At the beginning of the book, readers are introduced to a British man named Tarl Cabot, residing in present-day (read that as the 1960s) America. We learn that his mother died when he was young and his father seemingly disappeared. Tarl becomes well-educated at Oxford University and later becomes a professor at a New England college in America. While on a hiking and camping vacation in the rural mountains of New Hampshire, Tarl stumbles on an electronic device that allows him to use his thumbprint to access a document. The device is a makeshift letter from his father dated 1640. Soon, a spaceship appears and beams up Tarl.

Tarl awakens to find that his father is alive and well and a senior leader in a tower city called Ka-Ro-Ba. This city exists on a planet called Gor, which is “hidden” in the same solar system as Earth. The planet is ruled by a mysterious sect of supreme beings known as Priest-Kings and the leaders they have chosen for society are provided insights on the planet's dynamics – like the fact that it is round. The rest of society – those in a lower class – are fed misleading information to keep them on the lower rungs of survival. The lower classes think that Gor is flat. They also don't have access to any modern technology, or have the ability to rise above their intellectual levels. So, most of Gor exists on the same technological level of...say Earth's Bronze Age. Weapons are swords, daggers, shields, spears, etc. But, the most popular vehicles are large winged birds called Tarn, which all of Gor's military seem to ride. 

Without going too far down the rabbit hole here, Gor's various nations tend to war with each other. The winner gets that nation's home stone, which is just a rock with the name of the nation printed on it. Apparently if your nation captures another nation's home stone, then you control that nation. So, the nation of Ar is getting a little too big for their pants, so young Tarl is educated in Gorean culture, including how to fight with the various weapons and how to control and ride the Tarn animals. Why? Because he is going to fly into Ar undercover and steal their home stone. Which makes up the bulk of this series debut.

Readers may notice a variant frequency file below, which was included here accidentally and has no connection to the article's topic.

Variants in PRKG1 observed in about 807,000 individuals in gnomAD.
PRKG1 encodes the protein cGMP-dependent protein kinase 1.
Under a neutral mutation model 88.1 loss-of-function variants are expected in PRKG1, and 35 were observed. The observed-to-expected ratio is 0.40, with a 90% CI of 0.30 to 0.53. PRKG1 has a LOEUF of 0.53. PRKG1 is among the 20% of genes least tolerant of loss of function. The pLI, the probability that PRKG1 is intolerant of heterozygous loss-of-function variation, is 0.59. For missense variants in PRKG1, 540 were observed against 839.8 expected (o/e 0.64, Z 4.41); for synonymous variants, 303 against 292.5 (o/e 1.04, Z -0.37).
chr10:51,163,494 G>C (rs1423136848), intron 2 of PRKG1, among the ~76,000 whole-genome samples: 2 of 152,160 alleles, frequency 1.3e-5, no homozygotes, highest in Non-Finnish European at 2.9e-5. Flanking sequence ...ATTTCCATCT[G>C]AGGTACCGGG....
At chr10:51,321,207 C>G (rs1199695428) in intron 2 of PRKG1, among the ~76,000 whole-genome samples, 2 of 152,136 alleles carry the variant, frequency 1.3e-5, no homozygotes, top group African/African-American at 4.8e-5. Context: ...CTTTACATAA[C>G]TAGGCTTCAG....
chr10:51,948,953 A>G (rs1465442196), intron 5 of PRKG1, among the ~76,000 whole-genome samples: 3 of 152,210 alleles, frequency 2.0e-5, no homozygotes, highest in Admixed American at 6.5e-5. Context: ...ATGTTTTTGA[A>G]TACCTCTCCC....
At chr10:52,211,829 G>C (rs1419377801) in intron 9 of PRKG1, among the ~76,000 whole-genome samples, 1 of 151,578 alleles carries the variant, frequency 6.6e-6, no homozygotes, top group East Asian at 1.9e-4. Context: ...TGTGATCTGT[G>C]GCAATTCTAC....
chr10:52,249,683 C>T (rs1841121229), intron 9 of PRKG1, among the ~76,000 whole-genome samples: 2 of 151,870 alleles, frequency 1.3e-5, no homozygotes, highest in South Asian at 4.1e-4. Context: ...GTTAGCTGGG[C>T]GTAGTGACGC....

Here at Paperback Warrior, we just call them how we see them. I sat down one Saturday for a couple of hours and read this 220-page paperback from cover to cover in one sitting. I was never bored by it. By suspending my disbelief on some of the ridiculous hero saves, I found myself thoroughly entertained. Lange certainly took some liberties with Burroughs' Barsoom series, including the first and last chapters of the book, and I had some hesitation on reading past the first chapter because of it. But, I'm glad I did because this is pure adventure from start to finish.

The book's monomyth story kicks into high-gear when Tarl is “shot down” over the skies of Ar. Landing in the jungle with the King of Ar's spunky daughter Talena, he must contend with giant Spider People, a fight to the death with a master swordsman and survive being crucified on a boat and drawn-and-quartered by flying birds. All of this is carefully navigated as Tarl contends with two brutal villains on a quest to disrupt the power of Ar while questioning his own nation's mission on Gor.